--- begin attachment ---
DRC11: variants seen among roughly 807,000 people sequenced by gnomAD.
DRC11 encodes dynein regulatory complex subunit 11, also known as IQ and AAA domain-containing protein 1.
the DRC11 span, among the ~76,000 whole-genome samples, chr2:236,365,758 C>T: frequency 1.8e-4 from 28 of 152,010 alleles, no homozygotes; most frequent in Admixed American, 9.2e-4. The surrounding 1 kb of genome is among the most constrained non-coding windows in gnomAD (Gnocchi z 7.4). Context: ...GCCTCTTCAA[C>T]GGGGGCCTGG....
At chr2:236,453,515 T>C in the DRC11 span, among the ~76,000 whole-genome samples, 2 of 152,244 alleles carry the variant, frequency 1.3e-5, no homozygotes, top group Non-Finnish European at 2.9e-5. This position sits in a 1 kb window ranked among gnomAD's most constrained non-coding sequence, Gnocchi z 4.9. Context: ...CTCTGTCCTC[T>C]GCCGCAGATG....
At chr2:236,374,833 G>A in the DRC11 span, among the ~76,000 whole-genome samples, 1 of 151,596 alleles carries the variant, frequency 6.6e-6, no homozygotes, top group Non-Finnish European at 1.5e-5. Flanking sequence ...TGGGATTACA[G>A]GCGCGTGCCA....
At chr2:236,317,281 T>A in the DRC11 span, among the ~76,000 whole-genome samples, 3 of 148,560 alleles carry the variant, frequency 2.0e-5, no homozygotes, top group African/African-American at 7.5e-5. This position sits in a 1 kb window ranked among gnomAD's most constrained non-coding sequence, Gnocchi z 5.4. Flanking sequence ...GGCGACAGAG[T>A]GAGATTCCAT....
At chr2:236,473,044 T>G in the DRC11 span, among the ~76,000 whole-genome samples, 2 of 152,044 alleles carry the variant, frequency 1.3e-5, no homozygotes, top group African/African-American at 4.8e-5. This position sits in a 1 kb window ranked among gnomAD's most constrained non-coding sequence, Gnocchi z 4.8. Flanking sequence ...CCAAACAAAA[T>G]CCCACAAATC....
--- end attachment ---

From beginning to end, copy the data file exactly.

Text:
DRC11: variants seen among roughly 807,000 people sequenced by gnomAD.
DRC11 encodes dynein regulatory complex subunit 11, also known as IQ and AAA domain-containing protein 1.
the DRC11 span, among the ~76,000 whole-genome samples, chr2:236,365,758 C>T: frequency 1.8e-4 from 28 of 152,010 alleles, no homozygotes; most frequent in Admixed American, 9.2e-4. The surrounding 1 kb of genome is among the most constrained non-coding windows in gnomAD (Gnocchi z 7.4). Context: ...GCCTCTTCAA[C>T]GGGGGCCTGG....
At chr2:236,453,515 T>C in the DRC11 span, among the ~76,000 whole-genome samples, 2 of 152,244 alleles carry the variant, frequency 1.3e-5, no homozygotes, top group Non-Finnish European at 2.9e-5. This position sits in a 1 kb window ranked among gnomAD's most constrained non-coding sequence, Gnocchi z 4.9. Context: ...CTCTGTCCTC[T>C]GCCGCAGATG....
At chr2:236,374,833 G>A in the DRC11 span, among the ~76,000 whole-genome samples, 1 of 151,596 alleles carries the variant, frequency 6.6e-6, no homozygotes, top group Non-Finnish European at 1.5e-5. Flanking sequence ...TGGGATTACA[G>A]GCGCGTGCCA....
At chr2:236,317,281 T>A in the DRC11 span, among the ~76,000 whole-genome samples, 3 of 148,560 alleles carry the variant, frequency 2.0e-5, no homozygotes, top group African/African-American at 7.5e-5. This position sits in a 1 kb window ranked among gnomAD's most constrained non-coding sequence, Gnocchi z 5.4. Flanking sequence ...GGCGACAGAG[T>A]GAGATTCCAT....
At chr2:236,473,044 T>G in the DRC11 span, among the ~76,000 whole-genome samples, 2 of 152,044 alleles carry the variant, frequency 1.3e-5, no homozygotes, top group African/African-American at 4.8e-5. This position sits in a 1 kb window ranked among gnomAD's most constrained non-coding sequence, Gnocchi z 4.8. Flanking sequence ...CCAAACAAAA[T>G]CCCACAAATC....